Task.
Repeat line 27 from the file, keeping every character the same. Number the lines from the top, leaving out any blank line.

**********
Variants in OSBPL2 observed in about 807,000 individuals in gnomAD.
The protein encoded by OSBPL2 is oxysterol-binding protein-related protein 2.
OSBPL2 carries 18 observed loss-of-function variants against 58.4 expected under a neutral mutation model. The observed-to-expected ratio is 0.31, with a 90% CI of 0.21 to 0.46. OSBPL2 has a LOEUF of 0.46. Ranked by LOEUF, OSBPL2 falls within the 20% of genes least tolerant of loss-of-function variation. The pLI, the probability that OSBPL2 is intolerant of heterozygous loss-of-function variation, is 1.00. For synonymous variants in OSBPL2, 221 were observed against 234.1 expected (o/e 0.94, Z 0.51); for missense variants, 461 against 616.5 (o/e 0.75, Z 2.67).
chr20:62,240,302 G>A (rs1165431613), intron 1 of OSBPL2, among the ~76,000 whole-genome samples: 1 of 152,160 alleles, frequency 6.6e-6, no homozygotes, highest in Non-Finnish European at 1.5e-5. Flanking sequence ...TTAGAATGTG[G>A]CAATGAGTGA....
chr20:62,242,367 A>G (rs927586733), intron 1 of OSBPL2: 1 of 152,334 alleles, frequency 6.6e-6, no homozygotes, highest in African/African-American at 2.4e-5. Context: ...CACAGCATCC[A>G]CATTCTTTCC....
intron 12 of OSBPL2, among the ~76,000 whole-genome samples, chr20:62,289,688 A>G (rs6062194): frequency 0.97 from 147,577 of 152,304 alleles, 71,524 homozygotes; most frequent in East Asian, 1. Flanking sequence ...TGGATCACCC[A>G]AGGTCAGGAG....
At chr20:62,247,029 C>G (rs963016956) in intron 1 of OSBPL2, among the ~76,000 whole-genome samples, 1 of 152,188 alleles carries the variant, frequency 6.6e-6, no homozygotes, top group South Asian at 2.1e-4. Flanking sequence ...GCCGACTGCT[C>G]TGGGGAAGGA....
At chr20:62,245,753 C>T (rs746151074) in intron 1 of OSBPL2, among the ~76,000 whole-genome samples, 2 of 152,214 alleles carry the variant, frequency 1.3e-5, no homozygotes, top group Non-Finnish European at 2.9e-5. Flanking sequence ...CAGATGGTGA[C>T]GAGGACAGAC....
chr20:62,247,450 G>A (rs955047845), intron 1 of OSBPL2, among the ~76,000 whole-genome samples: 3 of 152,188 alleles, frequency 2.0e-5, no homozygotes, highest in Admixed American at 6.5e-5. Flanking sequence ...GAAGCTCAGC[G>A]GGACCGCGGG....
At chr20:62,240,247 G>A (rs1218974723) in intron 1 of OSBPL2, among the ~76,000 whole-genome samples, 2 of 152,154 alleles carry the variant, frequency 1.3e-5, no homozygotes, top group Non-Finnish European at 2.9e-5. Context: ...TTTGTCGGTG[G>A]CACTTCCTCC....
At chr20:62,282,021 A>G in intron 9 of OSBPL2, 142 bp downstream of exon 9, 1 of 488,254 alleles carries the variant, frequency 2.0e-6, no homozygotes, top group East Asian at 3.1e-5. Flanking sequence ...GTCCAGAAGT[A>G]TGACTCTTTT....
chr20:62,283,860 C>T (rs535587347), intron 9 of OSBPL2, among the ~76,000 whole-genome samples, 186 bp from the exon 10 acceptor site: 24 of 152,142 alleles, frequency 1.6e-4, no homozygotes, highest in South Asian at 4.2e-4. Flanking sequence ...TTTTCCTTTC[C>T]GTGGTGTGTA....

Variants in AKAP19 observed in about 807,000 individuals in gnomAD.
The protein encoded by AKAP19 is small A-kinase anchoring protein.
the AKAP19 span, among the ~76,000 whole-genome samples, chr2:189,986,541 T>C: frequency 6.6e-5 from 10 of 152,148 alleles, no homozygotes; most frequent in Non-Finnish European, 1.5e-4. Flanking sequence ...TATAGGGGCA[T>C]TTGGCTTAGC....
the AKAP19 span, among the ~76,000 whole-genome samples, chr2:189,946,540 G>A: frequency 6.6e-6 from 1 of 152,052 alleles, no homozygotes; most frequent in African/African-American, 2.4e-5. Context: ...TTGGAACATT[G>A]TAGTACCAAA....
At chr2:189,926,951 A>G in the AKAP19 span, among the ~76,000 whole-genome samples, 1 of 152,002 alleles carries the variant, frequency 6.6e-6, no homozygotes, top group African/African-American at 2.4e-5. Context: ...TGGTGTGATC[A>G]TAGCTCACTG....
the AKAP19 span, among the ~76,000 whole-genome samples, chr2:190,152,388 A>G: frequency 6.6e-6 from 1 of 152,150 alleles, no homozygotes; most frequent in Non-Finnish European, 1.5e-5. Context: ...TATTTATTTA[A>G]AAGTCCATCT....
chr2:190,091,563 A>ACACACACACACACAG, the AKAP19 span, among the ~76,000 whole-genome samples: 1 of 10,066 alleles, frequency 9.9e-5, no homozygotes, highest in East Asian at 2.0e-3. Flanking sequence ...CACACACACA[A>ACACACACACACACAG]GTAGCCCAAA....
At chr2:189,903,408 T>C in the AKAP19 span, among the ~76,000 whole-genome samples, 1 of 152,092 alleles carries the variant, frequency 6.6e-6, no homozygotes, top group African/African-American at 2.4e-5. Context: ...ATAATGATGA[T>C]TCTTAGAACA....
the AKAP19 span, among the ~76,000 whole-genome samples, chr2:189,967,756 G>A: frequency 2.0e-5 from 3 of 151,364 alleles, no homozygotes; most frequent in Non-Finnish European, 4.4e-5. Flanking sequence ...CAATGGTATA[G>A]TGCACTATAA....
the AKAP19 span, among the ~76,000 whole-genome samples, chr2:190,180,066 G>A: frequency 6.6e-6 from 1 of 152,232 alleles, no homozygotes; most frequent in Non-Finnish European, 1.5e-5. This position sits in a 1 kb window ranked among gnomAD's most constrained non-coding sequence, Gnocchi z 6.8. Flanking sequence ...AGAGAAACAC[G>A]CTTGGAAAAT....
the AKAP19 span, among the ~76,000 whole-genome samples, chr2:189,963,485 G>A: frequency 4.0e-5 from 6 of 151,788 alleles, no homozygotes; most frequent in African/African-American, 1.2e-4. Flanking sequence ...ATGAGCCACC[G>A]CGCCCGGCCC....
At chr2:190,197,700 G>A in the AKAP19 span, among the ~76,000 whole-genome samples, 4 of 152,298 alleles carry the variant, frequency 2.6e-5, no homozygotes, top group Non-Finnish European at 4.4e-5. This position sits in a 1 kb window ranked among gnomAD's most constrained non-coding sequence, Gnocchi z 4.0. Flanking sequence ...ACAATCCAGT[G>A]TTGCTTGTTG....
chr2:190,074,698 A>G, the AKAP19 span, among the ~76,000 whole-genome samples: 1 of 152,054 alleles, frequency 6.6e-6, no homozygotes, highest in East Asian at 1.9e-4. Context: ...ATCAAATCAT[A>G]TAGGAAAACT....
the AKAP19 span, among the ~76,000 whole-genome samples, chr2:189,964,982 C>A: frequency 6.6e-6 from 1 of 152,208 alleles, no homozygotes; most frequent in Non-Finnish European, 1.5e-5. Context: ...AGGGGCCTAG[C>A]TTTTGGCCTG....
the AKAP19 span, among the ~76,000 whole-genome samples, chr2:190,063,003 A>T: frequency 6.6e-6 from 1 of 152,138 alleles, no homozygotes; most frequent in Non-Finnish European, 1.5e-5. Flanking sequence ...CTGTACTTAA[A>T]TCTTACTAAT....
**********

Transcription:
the AKAP19 span, among the ~76,000 whole-genome samples, chr2:190,063,003 A>T: frequency 6.6e-6 from 1 of 152,138 alleles, no homozygotes; most frequent in Non-Finnish European, 1.5e-5. Flanking sequence ...CTGTACTTAA[A>T]TCTTACTAAT....